• Hearty Vegetable & Noodle
  • Chicken Tuscany
  • Homestyle Minestrone
Three of the four flavors do have some fiber from beans (great northern, garbanzo & kidney beans), but the majority of fiber in these soups comes from corn fiber, an added isolated fiber, which has not been shown to be as effective at lowering cholesterol as intact fiber. And in order to get that 14 grams of fiber from a can of soup, you do have to suck down 1200-1400 mg of sodium per can (more than half the daily recommended salt intake).

While not as convenient, a healthier, lower-sodium (and cheaper) option is to make your own soup, using dried or canned peas or beans or lentils as the primary source of fiber. Try this lentil soup recipe from Cooking Light, which gets you 20 grams of fiber per serving with about half of the salt of the canned Progresso fiber soups.

December 4, 2009

How Wheat Works

A common criticism of the US food system is our utter detachment from the actual production of food ingredients eaten everyday in our diets. The Natural Resources Defense Council says that most produce grown in the United States travels an average of 1,500 miles before it gets sold.  While consumers are becoming increasingly familiar with the health benefits of dietary fiber, far fewer know much about the nitty gritty of what types of wheat are grown in the US and how that grain product gets from the ground and into our guts.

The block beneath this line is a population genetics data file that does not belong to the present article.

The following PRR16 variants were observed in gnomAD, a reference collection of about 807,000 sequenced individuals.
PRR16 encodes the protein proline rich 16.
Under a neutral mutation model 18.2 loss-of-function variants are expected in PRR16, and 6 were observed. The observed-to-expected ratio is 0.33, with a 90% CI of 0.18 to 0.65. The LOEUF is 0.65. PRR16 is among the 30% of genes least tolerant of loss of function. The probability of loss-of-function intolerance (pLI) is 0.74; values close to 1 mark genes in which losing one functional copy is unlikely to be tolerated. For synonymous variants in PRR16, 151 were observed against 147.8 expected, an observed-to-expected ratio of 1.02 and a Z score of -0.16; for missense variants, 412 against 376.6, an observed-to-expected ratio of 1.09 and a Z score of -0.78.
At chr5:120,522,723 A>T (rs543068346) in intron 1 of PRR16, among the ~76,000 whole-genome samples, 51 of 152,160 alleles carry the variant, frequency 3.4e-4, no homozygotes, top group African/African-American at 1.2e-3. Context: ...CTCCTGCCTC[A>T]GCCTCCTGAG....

To help increase knowledge about the production of wheat and wheat foods in the US, the Wheat Foods Council developed How Wheat Works, a rich interactive online overview of how wheat gets from the farm to our fork. The How Wheat Works project uses animated graphics, text and video to guide consumers through the "farm-to-fork experience". The free program is divided into four separate tutorials, looking at planting, harvesting and milling of wheat followed by its trip to our grocery store shelves.